Coupon Accepted Successfully!


Removable discontinuity

Here 88137.png necessarily exists, but is either not equal to f(a) or f(a) is not defined. In this case, therefore it is possible to redefine the function in such a manner that 88131.png = f(a) and thus making the function continuous.
Consider the functions g(x) = (sin x)/x. Function is not defined at x = 0, so domain is R {0}. Since the limit of g at 0 is 1, g can be extended continuously to R by defining its value at 0 to be 1.
Thus redefined function g(x) = 88125.png is continuous at x = 0.
Thus a point in the domain that can be filled in so that the resulting function is continuous is called a removable discontinuity.
Consider function 88119.png
In this example, the function is nicely defined away from the point x = 1.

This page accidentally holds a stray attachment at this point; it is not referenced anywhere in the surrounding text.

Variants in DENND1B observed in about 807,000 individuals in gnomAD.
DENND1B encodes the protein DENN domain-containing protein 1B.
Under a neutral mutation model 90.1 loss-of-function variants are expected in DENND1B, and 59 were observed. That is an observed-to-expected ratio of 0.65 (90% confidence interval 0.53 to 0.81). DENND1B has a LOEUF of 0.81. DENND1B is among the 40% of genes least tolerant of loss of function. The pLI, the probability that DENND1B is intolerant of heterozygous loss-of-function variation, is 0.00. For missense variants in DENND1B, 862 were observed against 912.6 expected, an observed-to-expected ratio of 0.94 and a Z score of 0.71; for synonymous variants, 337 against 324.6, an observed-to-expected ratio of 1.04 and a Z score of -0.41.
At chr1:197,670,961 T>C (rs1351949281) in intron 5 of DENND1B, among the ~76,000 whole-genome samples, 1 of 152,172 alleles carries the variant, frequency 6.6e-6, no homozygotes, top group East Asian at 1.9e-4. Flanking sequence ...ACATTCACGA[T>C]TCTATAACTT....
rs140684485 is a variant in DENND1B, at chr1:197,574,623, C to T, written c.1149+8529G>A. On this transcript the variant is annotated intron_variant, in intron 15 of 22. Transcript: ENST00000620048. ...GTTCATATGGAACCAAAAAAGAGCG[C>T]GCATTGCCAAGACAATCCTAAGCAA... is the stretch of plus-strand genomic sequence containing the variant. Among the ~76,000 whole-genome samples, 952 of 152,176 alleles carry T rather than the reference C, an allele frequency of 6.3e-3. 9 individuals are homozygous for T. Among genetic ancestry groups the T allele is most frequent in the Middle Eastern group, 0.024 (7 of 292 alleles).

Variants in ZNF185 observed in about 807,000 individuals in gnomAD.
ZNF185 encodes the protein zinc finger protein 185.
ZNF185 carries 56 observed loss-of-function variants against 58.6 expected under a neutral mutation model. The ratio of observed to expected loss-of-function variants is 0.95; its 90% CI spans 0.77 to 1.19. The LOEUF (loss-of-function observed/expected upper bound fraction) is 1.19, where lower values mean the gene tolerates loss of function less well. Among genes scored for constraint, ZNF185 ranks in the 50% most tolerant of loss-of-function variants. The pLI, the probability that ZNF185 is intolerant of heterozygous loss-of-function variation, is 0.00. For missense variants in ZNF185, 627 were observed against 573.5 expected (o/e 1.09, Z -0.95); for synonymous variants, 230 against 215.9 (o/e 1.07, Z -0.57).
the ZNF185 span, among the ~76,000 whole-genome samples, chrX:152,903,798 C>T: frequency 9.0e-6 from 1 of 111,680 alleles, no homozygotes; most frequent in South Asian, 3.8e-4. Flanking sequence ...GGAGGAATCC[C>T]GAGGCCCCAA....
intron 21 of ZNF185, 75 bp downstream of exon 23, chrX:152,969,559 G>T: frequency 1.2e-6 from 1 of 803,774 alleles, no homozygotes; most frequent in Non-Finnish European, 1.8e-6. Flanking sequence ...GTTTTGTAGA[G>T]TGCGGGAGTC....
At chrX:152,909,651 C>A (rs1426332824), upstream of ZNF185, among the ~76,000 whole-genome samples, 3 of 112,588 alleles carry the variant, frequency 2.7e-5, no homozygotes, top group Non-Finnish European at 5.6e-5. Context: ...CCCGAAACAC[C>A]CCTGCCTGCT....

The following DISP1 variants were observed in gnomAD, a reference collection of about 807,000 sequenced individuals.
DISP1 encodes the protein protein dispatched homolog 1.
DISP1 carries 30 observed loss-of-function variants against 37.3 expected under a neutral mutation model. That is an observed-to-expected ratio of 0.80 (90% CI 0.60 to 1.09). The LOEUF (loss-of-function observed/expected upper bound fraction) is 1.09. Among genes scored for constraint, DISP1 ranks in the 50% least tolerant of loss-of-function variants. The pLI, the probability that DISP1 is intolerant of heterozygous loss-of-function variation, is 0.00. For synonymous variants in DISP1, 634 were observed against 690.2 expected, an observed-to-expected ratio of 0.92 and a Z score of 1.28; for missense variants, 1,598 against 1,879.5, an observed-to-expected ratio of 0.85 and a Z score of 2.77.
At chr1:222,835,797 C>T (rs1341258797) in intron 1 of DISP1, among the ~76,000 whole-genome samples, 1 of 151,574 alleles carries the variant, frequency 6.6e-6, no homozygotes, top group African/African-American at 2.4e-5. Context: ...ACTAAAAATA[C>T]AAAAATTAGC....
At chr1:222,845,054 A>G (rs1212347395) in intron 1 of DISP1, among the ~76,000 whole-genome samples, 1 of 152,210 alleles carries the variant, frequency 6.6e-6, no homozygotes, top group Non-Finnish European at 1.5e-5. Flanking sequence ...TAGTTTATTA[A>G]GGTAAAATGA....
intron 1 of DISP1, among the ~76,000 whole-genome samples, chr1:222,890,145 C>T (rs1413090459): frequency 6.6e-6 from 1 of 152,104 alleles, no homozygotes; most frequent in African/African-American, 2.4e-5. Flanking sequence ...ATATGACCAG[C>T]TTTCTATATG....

In fact, if x ≠ 1, the function is
However, if we were to consider the point x = 1, this definition no longer makes sense since we would have to divide by zero. The function instead tells us that the value of the function is f(1) = 3.
In this example, the graph has a “hole” at the point x = 1, which can be filled by redefined f(x) at x = 1 as 2.
This type of discontinuity is also called “missing point discontinuity.”

Non-removable discontinuity

If 88107.png , then f(x) is said to have first kind of non-removable discontinuity.
Consider the functions f(x) = 1/x. Function is not defined at x = 0, The function f cannot be extended to a continuous function whose domain is R, since no matter what value is assigned at 0, the resulting function will not be continuous. A point in the domain that cannot be filled in so that the resulting function is continuous is called a non-removable discontinuity.

Test Your Skills Now!
Take a Quiz now
Reviewer Name